If someone committed a crime and got arrested with my vehicle, can I be charged with what they did?

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If someone committed a crime and got arrested with my vehicle, can I be charged with what they did?

I let someone borrow my car and they took off in it. They were suppose to run to the gas station and back. She never returned and committed some crimes in my vehicle and was arrested. I had no idea that she was going to committed these crimes. Can I be charged with what she did?

Asked on March 16, 2011 under Criminal Law, Missouri

Answers:

M.T.G., Member, New York Bar / FreeAdvice Contributing Attorney

Answered 10 years ago | Contributor

What I think that you are afraid of is being charged as an accessory to the crime or what is known as aiding and abetting in some jurisdictions.  You would have to check the statutes in your state becuase under different state laws, aiding and abetting and accessory vary greatly regarding their definition. Depending on the action of the crime, the participation could elevate to a conspiracy crime.  Under most legal jurisdictions, the person or persons charged with aiding and abetting or accessory are not directly involved with the crime that is committed. They are usually not present when the crime occurred. I would speak with an attorney in your area.  Good luck.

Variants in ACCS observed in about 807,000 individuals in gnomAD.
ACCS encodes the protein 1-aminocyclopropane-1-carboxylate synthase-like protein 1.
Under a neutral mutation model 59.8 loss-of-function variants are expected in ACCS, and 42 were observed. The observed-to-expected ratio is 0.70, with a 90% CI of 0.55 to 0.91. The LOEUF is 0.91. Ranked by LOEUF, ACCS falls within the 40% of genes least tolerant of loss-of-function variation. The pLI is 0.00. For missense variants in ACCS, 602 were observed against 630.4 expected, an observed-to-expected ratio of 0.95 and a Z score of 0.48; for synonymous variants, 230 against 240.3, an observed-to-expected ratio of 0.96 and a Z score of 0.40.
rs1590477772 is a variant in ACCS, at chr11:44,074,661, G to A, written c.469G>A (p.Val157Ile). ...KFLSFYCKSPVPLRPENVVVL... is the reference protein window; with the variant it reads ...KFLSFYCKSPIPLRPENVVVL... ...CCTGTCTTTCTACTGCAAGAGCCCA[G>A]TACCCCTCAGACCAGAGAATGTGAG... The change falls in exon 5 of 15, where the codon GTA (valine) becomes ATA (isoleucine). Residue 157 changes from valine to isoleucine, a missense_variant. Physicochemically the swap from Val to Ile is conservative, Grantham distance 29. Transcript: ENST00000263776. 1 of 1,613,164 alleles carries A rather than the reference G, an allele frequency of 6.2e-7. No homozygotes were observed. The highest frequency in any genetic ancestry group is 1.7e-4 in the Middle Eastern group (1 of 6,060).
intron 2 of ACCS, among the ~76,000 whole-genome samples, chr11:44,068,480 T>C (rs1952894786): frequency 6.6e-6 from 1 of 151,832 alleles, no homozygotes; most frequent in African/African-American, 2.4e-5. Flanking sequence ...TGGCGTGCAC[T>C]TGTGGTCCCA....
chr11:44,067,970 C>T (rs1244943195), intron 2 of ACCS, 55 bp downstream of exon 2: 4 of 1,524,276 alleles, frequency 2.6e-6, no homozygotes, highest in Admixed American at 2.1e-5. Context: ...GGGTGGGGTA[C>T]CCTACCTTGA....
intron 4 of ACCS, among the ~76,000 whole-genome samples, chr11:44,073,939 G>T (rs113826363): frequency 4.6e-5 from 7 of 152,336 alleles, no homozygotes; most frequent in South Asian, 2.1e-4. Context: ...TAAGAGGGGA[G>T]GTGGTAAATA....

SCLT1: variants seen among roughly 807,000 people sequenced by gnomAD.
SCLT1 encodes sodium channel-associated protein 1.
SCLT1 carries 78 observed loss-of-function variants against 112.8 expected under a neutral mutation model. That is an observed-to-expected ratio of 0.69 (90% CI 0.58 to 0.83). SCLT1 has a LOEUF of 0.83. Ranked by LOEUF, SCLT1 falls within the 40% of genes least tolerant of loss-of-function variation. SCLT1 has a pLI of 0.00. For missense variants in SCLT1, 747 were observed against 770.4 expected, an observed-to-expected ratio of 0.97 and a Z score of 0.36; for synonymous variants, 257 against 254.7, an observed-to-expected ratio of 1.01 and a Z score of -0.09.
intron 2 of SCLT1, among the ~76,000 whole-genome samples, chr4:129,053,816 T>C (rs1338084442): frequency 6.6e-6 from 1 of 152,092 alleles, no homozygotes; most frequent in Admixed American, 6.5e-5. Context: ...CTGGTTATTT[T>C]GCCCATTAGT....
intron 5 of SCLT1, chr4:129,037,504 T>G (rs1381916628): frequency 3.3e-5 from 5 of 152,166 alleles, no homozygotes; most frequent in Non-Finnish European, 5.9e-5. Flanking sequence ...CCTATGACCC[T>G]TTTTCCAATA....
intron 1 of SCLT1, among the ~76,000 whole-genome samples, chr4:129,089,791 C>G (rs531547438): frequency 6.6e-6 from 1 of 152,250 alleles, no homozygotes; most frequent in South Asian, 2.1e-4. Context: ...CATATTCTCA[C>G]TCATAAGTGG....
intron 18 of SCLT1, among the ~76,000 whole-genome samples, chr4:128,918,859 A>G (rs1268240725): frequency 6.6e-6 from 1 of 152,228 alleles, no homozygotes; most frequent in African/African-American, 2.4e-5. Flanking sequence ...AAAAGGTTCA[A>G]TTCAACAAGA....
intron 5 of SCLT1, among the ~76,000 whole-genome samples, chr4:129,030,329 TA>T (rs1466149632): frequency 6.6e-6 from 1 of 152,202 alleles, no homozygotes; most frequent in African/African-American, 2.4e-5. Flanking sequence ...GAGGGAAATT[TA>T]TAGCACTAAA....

SJZ, Member, New York Bar / FreeAdvice Contributing Attorney

Answered 10 years ago | Contributor

Being guilty of a crime depends on mental state or intention. If someone did not know that a vehicle was going to be used in a crime--which includes not having reason to know of it; i.e. you can't willfully turn a blind eye if the warning signs were there--and did not otherwise intend or authorize the vehicle to be used in a crime, then that person should not be criminal liable. That's the law; as a practical matter, the authorities may not believe you. They would have to prove that you knew or intended the vehicle to be used in a crime to get a conviction, but the threshold for initially arresting someone is much lower than the threshold for conviction, so if the authorities have reason to believe you facilitated the crimes, they may choose to take action--just that at some point, they'd have to be able to prove that, and you'd also have the chance to present defenses.


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